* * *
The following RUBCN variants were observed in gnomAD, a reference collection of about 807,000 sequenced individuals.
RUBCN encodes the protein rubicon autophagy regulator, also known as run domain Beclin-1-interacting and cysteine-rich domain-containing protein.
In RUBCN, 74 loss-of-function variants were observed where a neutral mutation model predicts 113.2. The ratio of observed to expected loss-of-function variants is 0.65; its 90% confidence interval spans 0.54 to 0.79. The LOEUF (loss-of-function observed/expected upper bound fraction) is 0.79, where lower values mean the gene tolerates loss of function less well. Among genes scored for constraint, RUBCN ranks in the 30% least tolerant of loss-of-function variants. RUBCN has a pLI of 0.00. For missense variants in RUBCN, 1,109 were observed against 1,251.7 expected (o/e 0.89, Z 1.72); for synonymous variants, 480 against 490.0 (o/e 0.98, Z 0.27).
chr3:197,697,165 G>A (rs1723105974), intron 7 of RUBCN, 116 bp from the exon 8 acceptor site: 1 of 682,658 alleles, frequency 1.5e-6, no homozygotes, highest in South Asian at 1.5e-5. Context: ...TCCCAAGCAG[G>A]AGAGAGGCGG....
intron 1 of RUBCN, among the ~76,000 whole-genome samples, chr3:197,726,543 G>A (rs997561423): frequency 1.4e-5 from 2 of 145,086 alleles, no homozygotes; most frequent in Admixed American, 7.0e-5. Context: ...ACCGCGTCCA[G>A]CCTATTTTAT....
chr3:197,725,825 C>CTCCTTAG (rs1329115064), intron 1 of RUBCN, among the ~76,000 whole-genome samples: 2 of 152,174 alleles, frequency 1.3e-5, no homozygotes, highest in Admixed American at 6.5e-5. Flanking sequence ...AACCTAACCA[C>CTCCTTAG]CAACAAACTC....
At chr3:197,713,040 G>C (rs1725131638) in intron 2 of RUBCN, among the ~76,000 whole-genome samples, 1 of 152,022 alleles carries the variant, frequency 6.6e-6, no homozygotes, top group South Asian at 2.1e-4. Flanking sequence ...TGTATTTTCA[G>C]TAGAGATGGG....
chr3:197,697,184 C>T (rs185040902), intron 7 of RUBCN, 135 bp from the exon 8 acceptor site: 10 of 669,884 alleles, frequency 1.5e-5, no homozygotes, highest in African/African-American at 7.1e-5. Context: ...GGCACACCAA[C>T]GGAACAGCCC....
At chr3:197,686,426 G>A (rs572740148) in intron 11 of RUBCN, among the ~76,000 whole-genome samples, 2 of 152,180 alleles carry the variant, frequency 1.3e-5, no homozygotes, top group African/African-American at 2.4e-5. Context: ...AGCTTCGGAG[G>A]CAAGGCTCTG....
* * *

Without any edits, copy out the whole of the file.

The following RUBCN variants were observed in gnomAD, a reference collection of about 807,000 sequenced individuals.
RUBCN encodes the protein rubicon autophagy regulator, also known as run domain Beclin-1-interacting and cysteine-rich domain-containing protein.
In RUBCN, 74 loss-of-function variants were observed where a neutral mutation model predicts 113.2. The ratio of observed to expected loss-of-function variants is 0.65; its 90% confidence interval spans 0.54 to 0.79. The LOEUF (loss-of-function observed/expected upper bound fraction) is 0.79, where lower values mean the gene tolerates loss of function less well. Among genes scored for constraint, RUBCN ranks in the 30% least tolerant of loss-of-function variants. RUBCN has a pLI of 0.00. For missense variants in RUBCN, 1,109 were observed against 1,251.7 expected (o/e 0.89, Z 1.72); for synonymous variants, 480 against 490.0 (o/e 0.98, Z 0.27).
chr3:197,697,165 G>A (rs1723105974), intron 7 of RUBCN, 116 bp from the exon 8 acceptor site: 1 of 682,658 alleles, frequency 1.5e-6, no homozygotes, highest in South Asian at 1.5e-5. Context: ...TCCCAAGCAG[G>A]AGAGAGGCGG....
intron 1 of RUBCN, among the ~76,000 whole-genome samples, chr3:197,726,543 G>A (rs997561423): frequency 1.4e-5 from 2 of 145,086 alleles, no homozygotes; most frequent in Admixed American, 7.0e-5. Context: ...ACCGCGTCCA[G>A]CCTATTTTAT....
chr3:197,725,825 C>CTCCTTAG (rs1329115064), intron 1 of RUBCN, among the ~76,000 whole-genome samples: 2 of 152,174 alleles, frequency 1.3e-5, no homozygotes, highest in Admixed American at 6.5e-5. Flanking sequence ...AACCTAACCA[C>CTCCTTAG]CAACAAACTC....
At chr3:197,713,040 G>C (rs1725131638) in intron 2 of RUBCN, among the ~76,000 whole-genome samples, 1 of 152,022 alleles carries the variant, frequency 6.6e-6, no homozygotes, top group South Asian at 2.1e-4. Flanking sequence ...TGTATTTTCA[G>C]TAGAGATGGG....
chr3:197,697,184 C>T (rs185040902), intron 7 of RUBCN, 135 bp from the exon 8 acceptor site: 10 of 669,884 alleles, frequency 1.5e-5, no homozygotes, highest in African/African-American at 7.1e-5. Context: ...GGCACACCAA[C>T]GGAACAGCCC....
At chr3:197,686,426 G>A (rs572740148) in intron 11 of RUBCN, among the ~76,000 whole-genome samples, 2 of 152,180 alleles carry the variant, frequency 1.3e-5, no homozygotes, top group African/African-American at 2.4e-5. Context: ...AGCTTCGGAG[G>A]CAAGGCTCTG....